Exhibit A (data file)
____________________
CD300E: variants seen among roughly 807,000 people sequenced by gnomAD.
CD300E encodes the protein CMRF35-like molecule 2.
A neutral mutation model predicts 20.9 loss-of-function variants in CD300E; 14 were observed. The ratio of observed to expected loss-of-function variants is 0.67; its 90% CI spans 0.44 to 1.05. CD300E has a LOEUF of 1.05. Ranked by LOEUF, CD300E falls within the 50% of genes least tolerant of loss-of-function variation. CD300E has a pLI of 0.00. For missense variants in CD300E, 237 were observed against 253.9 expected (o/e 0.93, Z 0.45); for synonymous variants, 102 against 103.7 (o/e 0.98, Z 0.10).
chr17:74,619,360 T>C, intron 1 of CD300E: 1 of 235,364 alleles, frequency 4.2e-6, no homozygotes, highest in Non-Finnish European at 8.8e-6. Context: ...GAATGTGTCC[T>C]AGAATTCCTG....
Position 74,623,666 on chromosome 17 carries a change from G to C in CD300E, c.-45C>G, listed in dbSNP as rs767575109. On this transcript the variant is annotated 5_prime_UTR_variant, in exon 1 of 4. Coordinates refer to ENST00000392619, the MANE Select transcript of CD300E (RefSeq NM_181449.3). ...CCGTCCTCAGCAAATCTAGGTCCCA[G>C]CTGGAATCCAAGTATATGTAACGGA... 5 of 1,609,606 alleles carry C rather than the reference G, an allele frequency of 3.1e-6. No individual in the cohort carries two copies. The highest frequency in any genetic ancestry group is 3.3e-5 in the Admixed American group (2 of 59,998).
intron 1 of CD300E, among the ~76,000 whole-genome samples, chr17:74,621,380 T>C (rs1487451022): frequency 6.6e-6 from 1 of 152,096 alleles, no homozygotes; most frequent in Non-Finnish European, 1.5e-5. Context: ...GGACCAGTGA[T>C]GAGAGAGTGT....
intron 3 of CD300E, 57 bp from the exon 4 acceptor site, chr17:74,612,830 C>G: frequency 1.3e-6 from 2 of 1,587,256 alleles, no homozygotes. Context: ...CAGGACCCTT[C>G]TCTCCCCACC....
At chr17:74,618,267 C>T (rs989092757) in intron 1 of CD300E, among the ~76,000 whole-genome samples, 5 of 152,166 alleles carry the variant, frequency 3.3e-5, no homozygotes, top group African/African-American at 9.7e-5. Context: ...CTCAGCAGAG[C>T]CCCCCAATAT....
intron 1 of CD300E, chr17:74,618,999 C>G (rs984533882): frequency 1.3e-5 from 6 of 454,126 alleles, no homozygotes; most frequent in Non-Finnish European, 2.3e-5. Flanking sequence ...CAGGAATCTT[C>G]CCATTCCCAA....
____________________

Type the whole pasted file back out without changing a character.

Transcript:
CD300E: variants seen among roughly 807,000 people sequenced by gnomAD.
CD300E encodes the protein CMRF35-like molecule 2.
A neutral mutation model predicts 20.9 loss-of-function variants in CD300E; 14 were observed. The ratio of observed to expected loss-of-function variants is 0.67; its 90% CI spans 0.44 to 1.05. CD300E has a LOEUF of 1.05. Ranked by LOEUF, CD300E falls within the 50% of genes least tolerant of loss-of-function variation. CD300E has a pLI of 0.00. For missense variants in CD300E, 237 were observed against 253.9 expected (o/e 0.93, Z 0.45); for synonymous variants, 102 against 103.7 (o/e 0.98, Z 0.10).
chr17:74,619,360 T>C, intron 1 of CD300E: 1 of 235,364 alleles, frequency 4.2e-6, no homozygotes, highest in Non-Finnish European at 8.8e-6. Context: ...GAATGTGTCC[T>C]AGAATTCCTG....
Position 74,623,666 on chromosome 17 carries a change from G to C in CD300E, c.-45C>G, listed in dbSNP as rs767575109. On this transcript the variant is annotated 5_prime_UTR_variant, in exon 1 of 4. Coordinates refer to ENST00000392619, the MANE Select transcript of CD300E (RefSeq NM_181449.3). ...CCGTCCTCAGCAAATCTAGGTCCCA[G>C]CTGGAATCCAAGTATATGTAACGGA... 5 of 1,609,606 alleles carry C rather than the reference G, an allele frequency of 3.1e-6. No individual in the cohort carries two copies. The highest frequency in any genetic ancestry group is 3.3e-5 in the Admixed American group (2 of 59,998).
intron 1 of CD300E, among the ~76,000 whole-genome samples, chr17:74,621,380 T>C (rs1487451022): frequency 6.6e-6 from 1 of 152,096 alleles, no homozygotes; most frequent in Non-Finnish European, 1.5e-5. Context: ...GGACCAGTGA[T>C]GAGAGAGTGT....
intron 3 of CD300E, 57 bp from the exon 4 acceptor site, chr17:74,612,830 C>G: frequency 1.3e-6 from 2 of 1,587,256 alleles, no homozygotes. Context: ...CAGGACCCTT[C>G]TCTCCCCACC....
At chr17:74,618,267 C>T (rs989092757) in intron 1 of CD300E, among the ~76,000 whole-genome samples, 5 of 152,166 alleles carry the variant, frequency 3.3e-5, no homozygotes, top group African/African-American at 9.7e-5. Context: ...CTCAGCAGAG[C>T]CCCCCAATAT....
intron 1 of CD300E, chr17:74,618,999 C>G (rs984533882): frequency 1.3e-5 from 6 of 454,126 alleles, no homozygotes; most frequent in Non-Finnish European, 2.3e-5. Flanking sequence ...CAGGAATCTT[C>G]CCATTCCCAA....